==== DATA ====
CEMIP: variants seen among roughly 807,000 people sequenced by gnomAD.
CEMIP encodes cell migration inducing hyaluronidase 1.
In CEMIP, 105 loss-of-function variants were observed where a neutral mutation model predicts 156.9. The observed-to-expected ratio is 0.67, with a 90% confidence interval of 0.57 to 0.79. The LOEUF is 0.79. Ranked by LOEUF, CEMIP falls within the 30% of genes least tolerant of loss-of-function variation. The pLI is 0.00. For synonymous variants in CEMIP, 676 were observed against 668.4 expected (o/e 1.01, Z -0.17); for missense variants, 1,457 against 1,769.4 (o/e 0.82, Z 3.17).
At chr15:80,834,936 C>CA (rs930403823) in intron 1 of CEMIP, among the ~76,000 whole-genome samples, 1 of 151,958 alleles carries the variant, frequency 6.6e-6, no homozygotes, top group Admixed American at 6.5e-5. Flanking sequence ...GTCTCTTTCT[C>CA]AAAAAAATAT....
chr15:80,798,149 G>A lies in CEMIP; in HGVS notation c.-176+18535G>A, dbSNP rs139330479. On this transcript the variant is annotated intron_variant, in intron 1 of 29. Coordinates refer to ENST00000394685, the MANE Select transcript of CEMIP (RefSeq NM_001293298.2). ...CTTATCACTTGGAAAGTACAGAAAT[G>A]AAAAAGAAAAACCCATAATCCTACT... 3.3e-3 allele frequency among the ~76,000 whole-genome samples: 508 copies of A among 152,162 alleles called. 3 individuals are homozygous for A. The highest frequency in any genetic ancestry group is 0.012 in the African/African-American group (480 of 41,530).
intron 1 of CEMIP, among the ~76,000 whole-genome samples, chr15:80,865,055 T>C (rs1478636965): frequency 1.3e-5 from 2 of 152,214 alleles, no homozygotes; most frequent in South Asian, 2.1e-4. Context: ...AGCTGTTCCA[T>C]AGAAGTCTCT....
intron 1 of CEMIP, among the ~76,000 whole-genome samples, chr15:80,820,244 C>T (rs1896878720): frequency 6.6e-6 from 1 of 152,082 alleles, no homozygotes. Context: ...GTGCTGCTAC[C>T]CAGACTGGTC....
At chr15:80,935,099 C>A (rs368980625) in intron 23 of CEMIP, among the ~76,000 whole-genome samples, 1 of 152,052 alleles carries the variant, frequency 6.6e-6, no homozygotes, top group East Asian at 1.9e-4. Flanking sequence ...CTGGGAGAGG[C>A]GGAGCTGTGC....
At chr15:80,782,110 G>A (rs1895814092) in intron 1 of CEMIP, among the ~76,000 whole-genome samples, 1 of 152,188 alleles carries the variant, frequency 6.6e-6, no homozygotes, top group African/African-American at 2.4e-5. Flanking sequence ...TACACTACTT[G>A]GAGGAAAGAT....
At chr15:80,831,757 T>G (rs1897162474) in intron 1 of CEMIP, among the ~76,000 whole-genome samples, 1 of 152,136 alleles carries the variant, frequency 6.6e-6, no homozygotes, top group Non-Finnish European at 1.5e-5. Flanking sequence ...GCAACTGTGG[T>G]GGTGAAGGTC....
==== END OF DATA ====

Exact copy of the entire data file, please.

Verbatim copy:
CEMIP: variants seen among roughly 807,000 people sequenced by gnomAD.
CEMIP encodes cell migration inducing hyaluronidase 1.
In CEMIP, 105 loss-of-function variants were observed where a neutral mutation model predicts 156.9. The observed-to-expected ratio is 0.67, with a 90% confidence interval of 0.57 to 0.79. The LOEUF is 0.79. Ranked by LOEUF, CEMIP falls within the 30% of genes least tolerant of loss-of-function variation. The pLI is 0.00. For synonymous variants in CEMIP, 676 were observed against 668.4 expected (o/e 1.01, Z -0.17); for missense variants, 1,457 against 1,769.4 (o/e 0.82, Z 3.17).
At chr15:80,834,936 C>CA (rs930403823) in intron 1 of CEMIP, among the ~76,000 whole-genome samples, 1 of 151,958 alleles carries the variant, frequency 6.6e-6, no homozygotes, top group Admixed American at 6.5e-5. Flanking sequence ...GTCTCTTTCT[C>CA]AAAAAAATAT....
chr15:80,798,149 G>A lies in CEMIP; in HGVS notation c.-176+18535G>A, dbSNP rs139330479. On this transcript the variant is annotated intron_variant, in intron 1 of 29. Coordinates refer to ENST00000394685, the MANE Select transcript of CEMIP (RefSeq NM_001293298.2). ...CTTATCACTTGGAAAGTACAGAAAT[G>A]AAAAAGAAAAACCCATAATCCTACT... 3.3e-3 allele frequency among the ~76,000 whole-genome samples: 508 copies of A among 152,162 alleles called. 3 individuals are homozygous for A. The highest frequency in any genetic ancestry group is 0.012 in the African/African-American group (480 of 41,530).
intron 1 of CEMIP, among the ~76,000 whole-genome samples, chr15:80,865,055 T>C (rs1478636965): frequency 1.3e-5 from 2 of 152,214 alleles, no homozygotes; most frequent in South Asian, 2.1e-4. Context: ...AGCTGTTCCA[T>C]AGAAGTCTCT....
intron 1 of CEMIP, among the ~76,000 whole-genome samples, chr15:80,820,244 C>T (rs1896878720): frequency 6.6e-6 from 1 of 152,082 alleles, no homozygotes. Context: ...GTGCTGCTAC[C>T]CAGACTGGTC....
At chr15:80,935,099 C>A (rs368980625) in intron 23 of CEMIP, among the ~76,000 whole-genome samples, 1 of 152,052 alleles carries the variant, frequency 6.6e-6, no homozygotes, top group East Asian at 1.9e-4. Flanking sequence ...CTGGGAGAGG[C>A]GGAGCTGTGC....
At chr15:80,782,110 G>A (rs1895814092) in intron 1 of CEMIP, among the ~76,000 whole-genome samples, 1 of 152,188 alleles carries the variant, frequency 6.6e-6, no homozygotes, top group African/African-American at 2.4e-5. Flanking sequence ...TACACTACTT[G>A]GAGGAAAGAT....
At chr15:80,831,757 T>G (rs1897162474) in intron 1 of CEMIP, among the ~76,000 whole-genome samples, 1 of 152,136 alleles carries the variant, frequency 6.6e-6, no homozygotes, top group Non-Finnish European at 1.5e-5. Flanking sequence ...GCAACTGTGG[T>G]GGTGAAGGTC....